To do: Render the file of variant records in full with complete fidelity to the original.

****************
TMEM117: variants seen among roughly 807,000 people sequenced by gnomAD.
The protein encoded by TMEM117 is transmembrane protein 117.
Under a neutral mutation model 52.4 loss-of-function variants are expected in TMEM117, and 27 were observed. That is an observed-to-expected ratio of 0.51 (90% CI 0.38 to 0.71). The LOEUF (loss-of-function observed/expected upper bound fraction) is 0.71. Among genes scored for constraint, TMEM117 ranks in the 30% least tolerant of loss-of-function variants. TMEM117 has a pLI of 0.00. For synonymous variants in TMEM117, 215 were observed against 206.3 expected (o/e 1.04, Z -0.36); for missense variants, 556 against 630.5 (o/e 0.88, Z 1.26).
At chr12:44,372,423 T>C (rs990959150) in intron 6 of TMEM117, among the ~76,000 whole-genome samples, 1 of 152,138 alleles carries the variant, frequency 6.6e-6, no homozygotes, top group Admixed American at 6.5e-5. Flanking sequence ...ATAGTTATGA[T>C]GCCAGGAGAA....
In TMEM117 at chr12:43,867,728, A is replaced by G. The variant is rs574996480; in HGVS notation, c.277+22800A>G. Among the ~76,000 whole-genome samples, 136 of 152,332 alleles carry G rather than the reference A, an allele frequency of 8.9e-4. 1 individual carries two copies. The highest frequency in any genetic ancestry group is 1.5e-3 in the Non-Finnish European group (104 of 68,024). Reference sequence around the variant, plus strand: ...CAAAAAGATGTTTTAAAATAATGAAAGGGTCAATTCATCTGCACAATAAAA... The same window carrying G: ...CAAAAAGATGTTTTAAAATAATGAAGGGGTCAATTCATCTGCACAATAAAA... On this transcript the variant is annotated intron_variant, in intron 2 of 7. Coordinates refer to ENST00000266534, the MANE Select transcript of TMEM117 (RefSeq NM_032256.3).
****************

TMEM117: variants seen among roughly 807,000 people sequenced by gnomAD.
The protein encoded by TMEM117 is transmembrane protein 117.
Under a neutral mutation model 52.4 loss-of-function variants are expected in TMEM117, and 27 were observed. That is an observed-to-expected ratio of 0.51 (90% CI 0.38 to 0.71). The LOEUF (loss-of-function observed/expected upper bound fraction) is 0.71. Among genes scored for constraint, TMEM117 ranks in the 30% least tolerant of loss-of-function variants. TMEM117 has a pLI of 0.00. For synonymous variants in TMEM117, 215 were observed against 206.3 expected (o/e 1.04, Z -0.36); for missense variants, 556 against 630.5 (o/e 0.88, Z 1.26).
At chr12:44,372,423 T>C (rs990959150) in intron 6 of TMEM117, among the ~76,000 whole-genome samples, 1 of 152,138 alleles carries the variant, frequency 6.6e-6, no homozygotes, top group Admixed American at 6.5e-5. Flanking sequence ...ATAGTTATGA[T>C]GCCAGGAGAA....
In TMEM117 at chr12:43,867,728, A is replaced by G. The variant is rs574996480; in HGVS notation, c.277+22800A>G. Among the ~76,000 whole-genome samples, 136 of 152,332 alleles carry G rather than the reference A, an allele frequency of 8.9e-4. 1 individual carries two copies. The highest frequency in any genetic ancestry group is 1.5e-3 in the Non-Finnish European group (104 of 68,024). Reference sequence around the variant, plus strand: ...CAAAAAGATGTTTTAAAATAATGAAAGGGTCAATTCATCTGCACAATAAAA... The same window carrying G: ...CAAAAAGATGTTTTAAAATAATGAAGGGGTCAATTCATCTGCACAATAAAA... On this transcript the variant is annotated intron_variant, in intron 2 of 7. Coordinates refer to ENST00000266534, the MANE Select transcript of TMEM117 (RefSeq NM_032256.3).